ELO is excited to announce the publication of its 2nd collection of electronic literature. With its wide ranging forms, Volume 2 picks up where ELC1 left off, offering a diverse anthology of works from an international group of authors in a variety of languages and forms.
The independent board of editors for the second collection included Laura Borràs, Talan Memmott, Rita Raley, and Brian Kim Stefans, key e-lit artists and critics in their own rights. Their deep knowledge of the field helped them gather works that represent the breadth and variety of e-lit. Also, the addition of Borràs allowed the team to review works in Catalan, Spanish, and Portuguese.
The new collection includes 63 works drawn from (and extending beyond):
- Countries: Austria, Australia, Catalonia, Canada, Colombia, France, Germany, Israel, The Netherlands, Portugal, Peru, Spain, UK, US
- Languages: Catalan, Dutch, English, French, German, Portuguese, Spanish
Like ELC1, the collection can be browsed by author, title, or keyword.
ELC2 speaks to both the continuity as well as the bright future of electronic literature. The works include many of the emerging categories of e-lit: mash-ups, geolocative, codework, as well as “traditional” and evolving forms such as hypertext, chatbots, and interactive fiction. The authors list presents readers with both veterans and newcomers to the field.
As with Volume 1, the editors have published a hard copy of the collection, though this time on a DVD rather than a CD. However, they have also added works that can only be viewed on computers with Internet access, such as Senghor on the Rocks, which uses geodata from Google Maps.
ELC2 is published under a Creative Commons license, which means the collection can be freely shared, non-commercially, between individuals, libraries, and schools, provided that appropriate attribution is maintained and the works are unmodified.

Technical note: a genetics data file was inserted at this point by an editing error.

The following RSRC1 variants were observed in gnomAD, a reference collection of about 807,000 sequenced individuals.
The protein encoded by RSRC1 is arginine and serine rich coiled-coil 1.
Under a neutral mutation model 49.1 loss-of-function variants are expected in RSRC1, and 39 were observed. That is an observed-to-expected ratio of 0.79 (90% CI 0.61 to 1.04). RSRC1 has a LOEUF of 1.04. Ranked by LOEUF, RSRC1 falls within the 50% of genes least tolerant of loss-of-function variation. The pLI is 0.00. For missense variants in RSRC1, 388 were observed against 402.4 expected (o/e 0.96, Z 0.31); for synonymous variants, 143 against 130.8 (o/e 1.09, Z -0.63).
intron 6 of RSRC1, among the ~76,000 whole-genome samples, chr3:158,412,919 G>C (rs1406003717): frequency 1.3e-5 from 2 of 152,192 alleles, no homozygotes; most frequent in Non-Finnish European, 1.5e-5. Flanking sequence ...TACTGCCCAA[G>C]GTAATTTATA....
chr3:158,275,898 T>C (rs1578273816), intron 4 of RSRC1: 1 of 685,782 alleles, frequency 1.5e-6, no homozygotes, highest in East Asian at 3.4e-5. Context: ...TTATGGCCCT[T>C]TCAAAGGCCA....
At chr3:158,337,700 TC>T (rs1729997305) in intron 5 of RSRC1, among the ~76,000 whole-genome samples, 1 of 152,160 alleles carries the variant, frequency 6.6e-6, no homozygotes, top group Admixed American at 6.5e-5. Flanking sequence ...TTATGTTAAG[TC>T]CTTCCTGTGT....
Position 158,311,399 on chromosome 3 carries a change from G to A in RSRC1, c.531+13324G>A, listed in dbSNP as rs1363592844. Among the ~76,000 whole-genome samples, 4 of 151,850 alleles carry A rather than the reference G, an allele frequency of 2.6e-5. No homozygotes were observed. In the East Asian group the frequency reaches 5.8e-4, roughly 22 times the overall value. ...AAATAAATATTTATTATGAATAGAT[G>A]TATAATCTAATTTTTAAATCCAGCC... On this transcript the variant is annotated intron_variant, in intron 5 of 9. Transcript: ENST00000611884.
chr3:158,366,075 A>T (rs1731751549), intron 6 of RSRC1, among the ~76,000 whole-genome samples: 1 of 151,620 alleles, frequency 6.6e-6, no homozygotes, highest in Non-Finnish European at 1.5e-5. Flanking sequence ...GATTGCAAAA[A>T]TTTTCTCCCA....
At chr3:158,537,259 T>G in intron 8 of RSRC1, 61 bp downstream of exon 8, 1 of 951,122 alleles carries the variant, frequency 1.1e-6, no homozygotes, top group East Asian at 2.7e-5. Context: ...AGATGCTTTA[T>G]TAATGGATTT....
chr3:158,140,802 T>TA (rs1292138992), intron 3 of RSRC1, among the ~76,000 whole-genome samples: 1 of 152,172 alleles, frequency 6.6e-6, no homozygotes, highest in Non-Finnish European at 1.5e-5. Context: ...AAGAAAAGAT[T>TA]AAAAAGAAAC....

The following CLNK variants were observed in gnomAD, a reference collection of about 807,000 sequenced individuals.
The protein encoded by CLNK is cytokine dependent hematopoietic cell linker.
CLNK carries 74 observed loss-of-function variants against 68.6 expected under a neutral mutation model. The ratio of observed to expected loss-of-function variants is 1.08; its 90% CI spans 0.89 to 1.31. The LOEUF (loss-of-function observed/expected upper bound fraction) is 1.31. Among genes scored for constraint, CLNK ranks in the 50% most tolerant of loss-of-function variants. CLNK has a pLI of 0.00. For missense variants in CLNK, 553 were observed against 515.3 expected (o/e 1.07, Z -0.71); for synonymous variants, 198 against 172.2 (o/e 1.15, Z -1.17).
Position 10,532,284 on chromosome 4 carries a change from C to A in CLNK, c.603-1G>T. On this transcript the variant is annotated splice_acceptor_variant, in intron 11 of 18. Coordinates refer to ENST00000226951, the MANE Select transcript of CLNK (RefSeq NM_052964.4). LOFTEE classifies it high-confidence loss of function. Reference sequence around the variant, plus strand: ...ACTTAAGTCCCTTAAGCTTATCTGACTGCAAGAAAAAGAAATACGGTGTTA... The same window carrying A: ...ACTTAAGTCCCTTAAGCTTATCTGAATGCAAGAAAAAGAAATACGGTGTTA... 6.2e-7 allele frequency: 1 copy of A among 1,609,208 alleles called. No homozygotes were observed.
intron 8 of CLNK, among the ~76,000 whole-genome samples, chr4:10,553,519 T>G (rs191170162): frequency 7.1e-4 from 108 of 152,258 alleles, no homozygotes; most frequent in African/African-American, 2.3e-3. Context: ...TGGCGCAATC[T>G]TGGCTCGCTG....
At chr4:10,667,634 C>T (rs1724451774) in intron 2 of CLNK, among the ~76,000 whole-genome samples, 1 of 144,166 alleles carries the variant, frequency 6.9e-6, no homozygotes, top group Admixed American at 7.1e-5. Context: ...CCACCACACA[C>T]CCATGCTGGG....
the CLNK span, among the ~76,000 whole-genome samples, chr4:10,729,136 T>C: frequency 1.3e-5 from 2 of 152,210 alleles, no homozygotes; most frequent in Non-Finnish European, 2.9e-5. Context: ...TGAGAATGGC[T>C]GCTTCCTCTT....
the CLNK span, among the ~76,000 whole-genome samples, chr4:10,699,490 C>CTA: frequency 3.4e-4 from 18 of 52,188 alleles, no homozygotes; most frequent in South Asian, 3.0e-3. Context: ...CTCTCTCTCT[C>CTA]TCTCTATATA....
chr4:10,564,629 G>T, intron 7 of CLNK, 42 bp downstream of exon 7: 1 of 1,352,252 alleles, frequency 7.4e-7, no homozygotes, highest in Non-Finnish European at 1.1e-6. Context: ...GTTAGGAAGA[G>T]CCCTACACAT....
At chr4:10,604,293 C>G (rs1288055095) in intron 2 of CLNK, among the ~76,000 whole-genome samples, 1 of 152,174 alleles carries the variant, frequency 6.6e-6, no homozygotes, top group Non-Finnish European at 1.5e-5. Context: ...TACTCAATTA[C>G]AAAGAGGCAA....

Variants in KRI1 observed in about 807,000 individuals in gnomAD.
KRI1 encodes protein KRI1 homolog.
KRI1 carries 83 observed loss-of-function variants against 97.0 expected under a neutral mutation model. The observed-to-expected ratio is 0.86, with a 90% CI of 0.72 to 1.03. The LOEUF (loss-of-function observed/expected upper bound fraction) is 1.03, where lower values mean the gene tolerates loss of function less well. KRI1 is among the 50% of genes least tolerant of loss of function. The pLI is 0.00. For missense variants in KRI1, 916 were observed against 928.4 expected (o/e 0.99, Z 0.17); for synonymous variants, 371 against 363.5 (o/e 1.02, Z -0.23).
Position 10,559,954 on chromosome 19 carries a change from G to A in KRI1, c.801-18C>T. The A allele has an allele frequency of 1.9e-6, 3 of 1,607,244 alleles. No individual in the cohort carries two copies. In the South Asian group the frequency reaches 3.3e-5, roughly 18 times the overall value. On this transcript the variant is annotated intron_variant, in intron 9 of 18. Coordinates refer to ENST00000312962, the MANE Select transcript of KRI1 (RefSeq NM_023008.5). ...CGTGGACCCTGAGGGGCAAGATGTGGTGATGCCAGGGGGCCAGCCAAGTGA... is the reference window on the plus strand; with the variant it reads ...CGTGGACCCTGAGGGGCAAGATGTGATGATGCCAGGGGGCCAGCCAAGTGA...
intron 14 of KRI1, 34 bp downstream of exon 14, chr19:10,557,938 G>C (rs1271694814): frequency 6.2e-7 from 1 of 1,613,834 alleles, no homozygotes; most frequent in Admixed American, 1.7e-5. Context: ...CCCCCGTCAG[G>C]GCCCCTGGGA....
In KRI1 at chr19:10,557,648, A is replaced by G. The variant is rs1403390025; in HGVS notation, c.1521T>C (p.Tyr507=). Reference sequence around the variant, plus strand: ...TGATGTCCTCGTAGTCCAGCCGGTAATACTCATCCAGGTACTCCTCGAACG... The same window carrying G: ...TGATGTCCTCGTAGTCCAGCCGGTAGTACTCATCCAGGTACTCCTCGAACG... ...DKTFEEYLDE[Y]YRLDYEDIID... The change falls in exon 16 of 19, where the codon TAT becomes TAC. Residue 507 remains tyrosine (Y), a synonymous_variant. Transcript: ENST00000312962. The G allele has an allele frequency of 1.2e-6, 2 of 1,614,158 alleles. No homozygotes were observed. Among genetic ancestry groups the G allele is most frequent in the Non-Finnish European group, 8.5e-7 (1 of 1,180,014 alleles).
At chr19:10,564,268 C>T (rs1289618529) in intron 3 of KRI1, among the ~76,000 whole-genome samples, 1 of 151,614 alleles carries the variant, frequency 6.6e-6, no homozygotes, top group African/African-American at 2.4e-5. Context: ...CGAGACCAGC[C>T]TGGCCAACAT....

ELC2 is ready for your syllabi and reading list. As a complement to our Electronic Literature Directory, and a continuation from Volume 1, this collection offers an anthology of works that pushes through the boundaries of literary forms, creating new kinds of experiences for interacting readers.
Members of the Electronic Literature Organization no doubt remember the first time they heard about electronic literature. That exhilarating moment wrapped around a sense of possibility and a desire to get their hands on either the tools of creation or the mind-blowing creations or both. Over the past month, the popular science journal New Scientist has been publishing posts marking its discovery of electronic literature in a series called Storytelling 2.0.
The posts mention ELO and ELO co-founder Robert Coover along with works by Jay Bushman and others. There’s even a mention of ELO-President Nick Montfort, alluding to his work on his IF platform Curveship.
Check out the posts and join the conversation as New Scientist readers discover e-lit.
- Storytelling 2.0: The digital death of the author
- Storytelling 2.0: Exploring the news game
- Storytelling 2.0: Open your books to augmented reality
- Storytelling 2.0: Adventures in a virtual reality cave
- Storytelling 2.0: The epic poet of Twitter
- Storytelling 2.0: When new narratives meet old brains
- Storytelling 2.0: Read e-lit for yourself
- Storytelling 2.0: Metamorphosis of the storybook
Bringing electronic literature artists and critics into your classroom can be as easy as a quick jog through YouTube or Vimeo.
Here is the beginning of a playlist of videos of varying lengths discussing electronic literature. Please send us links to videos you nominate for the list.
Currently we are featuring:
- E-literature Explains, Mark Marino, a very short introduction to the idea of e-lit (87 secs)
- Exploring Interactive Fiction, Nick Montfort, introduction to the literary form of IF (6 minutes)
- N. Katherine Hayles, herself, extended interview on electronic literature (30 minutes)